24 Do you not know that in a race all the runners run, but only one receives the prize? So run that you may obtain it. 25 Every athlete exercises self-control in all things. They do it to receive a perishable wreath, but we an imperishable. 26 So I do not run aimlessly; I do not box as one beating the air. 27 But I discipline my body and keep it under control, lest after preaching to others I myself should be disqualified.

In this chapter, Paul addresses apostolic rights and why he is entitled to them, and why he surrenders them. Keying in on the closing verse of the previous chapter, Paul essentially tells the Corinthian church that he willingly surrenders his rights so that he does not cause anyone, or the church, to stumble. He provides a personal example from his life of what he discussed in the previous chapter. Even though we have freedom in Christ, we don’t need to exercise our rights or liberties if it causes someone to stumble.

Paul lays the foundation of his apostleship. He is free in Christ and is only governed by God. He also notes that he meets the criteria of being an apostle because he bore witness to the resurrection of Jesus Christ when he met Jesus on the road to Damascus. Additionally, the mark and proof of his work is the church of Corinth itself. He planted that church and, by his teaching of the Gospel, their hearts are affected and changed by his ministry to them.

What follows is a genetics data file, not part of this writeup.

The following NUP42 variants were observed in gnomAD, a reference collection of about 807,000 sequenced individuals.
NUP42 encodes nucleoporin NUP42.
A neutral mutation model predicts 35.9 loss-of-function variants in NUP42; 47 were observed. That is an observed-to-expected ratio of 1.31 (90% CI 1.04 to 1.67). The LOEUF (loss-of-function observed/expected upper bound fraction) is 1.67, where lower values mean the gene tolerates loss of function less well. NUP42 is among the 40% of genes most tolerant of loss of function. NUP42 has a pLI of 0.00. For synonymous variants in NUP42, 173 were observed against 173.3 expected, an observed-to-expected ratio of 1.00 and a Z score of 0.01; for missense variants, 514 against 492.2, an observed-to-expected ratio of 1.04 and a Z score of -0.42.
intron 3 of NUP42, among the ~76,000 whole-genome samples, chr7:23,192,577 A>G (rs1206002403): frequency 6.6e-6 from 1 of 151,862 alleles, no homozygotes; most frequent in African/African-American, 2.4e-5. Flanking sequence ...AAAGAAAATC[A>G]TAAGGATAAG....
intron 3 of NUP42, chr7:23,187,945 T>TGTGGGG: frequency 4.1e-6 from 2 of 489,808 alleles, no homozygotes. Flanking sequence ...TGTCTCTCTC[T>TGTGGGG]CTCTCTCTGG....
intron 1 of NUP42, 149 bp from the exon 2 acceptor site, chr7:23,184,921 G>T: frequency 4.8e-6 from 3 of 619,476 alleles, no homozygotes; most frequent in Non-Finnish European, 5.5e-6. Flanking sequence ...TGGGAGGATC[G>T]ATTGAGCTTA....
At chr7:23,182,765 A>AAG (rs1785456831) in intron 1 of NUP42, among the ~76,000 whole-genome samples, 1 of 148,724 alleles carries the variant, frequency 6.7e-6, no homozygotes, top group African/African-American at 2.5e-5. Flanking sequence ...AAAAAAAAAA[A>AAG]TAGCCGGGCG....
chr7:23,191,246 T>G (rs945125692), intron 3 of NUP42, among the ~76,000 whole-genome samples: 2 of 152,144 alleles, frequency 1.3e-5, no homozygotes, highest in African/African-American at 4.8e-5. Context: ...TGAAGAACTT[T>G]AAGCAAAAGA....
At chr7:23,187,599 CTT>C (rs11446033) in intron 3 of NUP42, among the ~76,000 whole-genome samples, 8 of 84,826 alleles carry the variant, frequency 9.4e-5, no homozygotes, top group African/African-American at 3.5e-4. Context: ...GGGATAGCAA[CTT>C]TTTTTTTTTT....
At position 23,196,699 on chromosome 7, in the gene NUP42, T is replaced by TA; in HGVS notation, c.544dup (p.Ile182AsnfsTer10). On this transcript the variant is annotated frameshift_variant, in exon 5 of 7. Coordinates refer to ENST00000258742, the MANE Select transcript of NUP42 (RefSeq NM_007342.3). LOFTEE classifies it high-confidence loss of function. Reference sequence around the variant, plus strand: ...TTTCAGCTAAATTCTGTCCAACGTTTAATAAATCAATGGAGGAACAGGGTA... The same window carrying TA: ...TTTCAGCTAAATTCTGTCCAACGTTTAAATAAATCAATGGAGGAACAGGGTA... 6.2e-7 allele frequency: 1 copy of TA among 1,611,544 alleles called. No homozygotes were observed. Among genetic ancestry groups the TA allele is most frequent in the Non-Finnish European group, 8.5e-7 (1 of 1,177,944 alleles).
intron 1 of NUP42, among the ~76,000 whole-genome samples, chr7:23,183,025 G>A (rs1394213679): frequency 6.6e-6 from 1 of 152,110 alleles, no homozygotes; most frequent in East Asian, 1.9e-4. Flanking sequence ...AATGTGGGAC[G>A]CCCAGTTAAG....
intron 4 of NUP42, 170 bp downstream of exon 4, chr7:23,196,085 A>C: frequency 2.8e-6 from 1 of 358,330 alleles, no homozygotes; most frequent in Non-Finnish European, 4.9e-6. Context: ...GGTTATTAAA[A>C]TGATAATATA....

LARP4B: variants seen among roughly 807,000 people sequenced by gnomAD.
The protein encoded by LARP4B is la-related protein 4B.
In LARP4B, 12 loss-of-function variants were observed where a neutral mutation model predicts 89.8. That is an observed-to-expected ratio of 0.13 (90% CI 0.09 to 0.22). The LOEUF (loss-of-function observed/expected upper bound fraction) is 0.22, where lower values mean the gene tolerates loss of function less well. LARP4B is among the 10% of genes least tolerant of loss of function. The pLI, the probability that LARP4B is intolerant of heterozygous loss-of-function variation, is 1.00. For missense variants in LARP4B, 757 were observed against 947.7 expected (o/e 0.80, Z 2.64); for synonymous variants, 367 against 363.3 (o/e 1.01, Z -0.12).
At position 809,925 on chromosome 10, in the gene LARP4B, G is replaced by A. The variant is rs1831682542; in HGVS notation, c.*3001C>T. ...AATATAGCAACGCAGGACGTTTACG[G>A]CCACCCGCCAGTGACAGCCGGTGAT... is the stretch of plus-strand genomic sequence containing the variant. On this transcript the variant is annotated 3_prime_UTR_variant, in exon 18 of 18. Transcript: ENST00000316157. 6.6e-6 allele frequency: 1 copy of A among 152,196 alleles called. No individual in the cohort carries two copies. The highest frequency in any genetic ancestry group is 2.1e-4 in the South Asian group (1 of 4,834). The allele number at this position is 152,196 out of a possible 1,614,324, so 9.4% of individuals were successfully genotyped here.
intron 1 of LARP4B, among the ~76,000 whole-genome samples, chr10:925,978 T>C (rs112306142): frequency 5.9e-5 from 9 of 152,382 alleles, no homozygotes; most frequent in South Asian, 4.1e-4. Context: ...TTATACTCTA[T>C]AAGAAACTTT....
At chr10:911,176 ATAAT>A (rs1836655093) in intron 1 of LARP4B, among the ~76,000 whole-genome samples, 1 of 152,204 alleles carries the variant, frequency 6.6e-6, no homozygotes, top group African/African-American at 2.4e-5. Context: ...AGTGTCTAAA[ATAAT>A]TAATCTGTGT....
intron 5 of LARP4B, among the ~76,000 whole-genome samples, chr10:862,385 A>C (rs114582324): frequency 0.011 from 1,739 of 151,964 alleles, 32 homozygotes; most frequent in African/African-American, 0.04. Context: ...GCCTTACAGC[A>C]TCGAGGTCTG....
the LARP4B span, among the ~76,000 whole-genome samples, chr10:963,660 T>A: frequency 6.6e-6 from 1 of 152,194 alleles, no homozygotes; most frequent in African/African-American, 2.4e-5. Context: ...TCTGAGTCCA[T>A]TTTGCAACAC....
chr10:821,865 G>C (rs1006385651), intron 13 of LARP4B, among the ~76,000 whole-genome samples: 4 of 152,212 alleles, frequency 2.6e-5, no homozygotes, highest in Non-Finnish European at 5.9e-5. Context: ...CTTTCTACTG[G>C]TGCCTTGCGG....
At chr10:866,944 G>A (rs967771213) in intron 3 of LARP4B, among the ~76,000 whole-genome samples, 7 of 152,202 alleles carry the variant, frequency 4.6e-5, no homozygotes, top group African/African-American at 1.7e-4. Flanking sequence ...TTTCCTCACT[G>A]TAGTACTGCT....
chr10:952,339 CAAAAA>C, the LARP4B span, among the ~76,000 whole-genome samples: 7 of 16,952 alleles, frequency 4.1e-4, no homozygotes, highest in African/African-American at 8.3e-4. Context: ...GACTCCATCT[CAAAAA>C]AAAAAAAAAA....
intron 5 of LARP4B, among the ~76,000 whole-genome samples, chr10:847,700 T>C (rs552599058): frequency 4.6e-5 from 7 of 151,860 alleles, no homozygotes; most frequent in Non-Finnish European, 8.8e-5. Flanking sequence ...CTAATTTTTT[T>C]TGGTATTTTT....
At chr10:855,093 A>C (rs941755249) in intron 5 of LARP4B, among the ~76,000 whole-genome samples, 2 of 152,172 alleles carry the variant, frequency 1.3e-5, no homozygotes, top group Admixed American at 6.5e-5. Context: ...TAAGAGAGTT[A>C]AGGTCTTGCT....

Apostles at that time had the right to material support from churches. Today, pastors and missionaries today are supported by churches. But this can be a stumbling point and hindrance for some Christians. There are some churches and ministries that continue to ask for more money and abuse the right to support. The Corinthians challenged Paul’s apostleship rights because he didn’t partake in them. Additionally, Paul worked with his hands, and this was below the Greeks because manual labor was only for the servants. Because he worked with his hands, then he must not be an apostle and must not have the right to receive material support from them. The previous chapters demonstrated their unwillingness to yield to Paul’s authority. Paul gives several examples of why he was entitled to this support and why he is entitled to the rights of an apostle. 

After Paul gives reasons for his right to material support, he tells them why he willingly surrenders his rights. Paul was called by God to preach the Gospel, and he viewed it as a reward to do this for free. He did not want to take money or support from a new Christian church because he did not want to hinder the glory of God and the growth of that church. Paul’s reward for preaching wasn’t exercising his right for material support from the church, but it was a spiritual reward from God. He willingly submitted to God’s calling in his life to preaching, and that was reward enough. He knew that God would provide, and he did not want to hinder any one church. He did not want any churches to feel obligated to support him. He wanted to be a servant to all of them and support all of them with the Gospel of Jesus.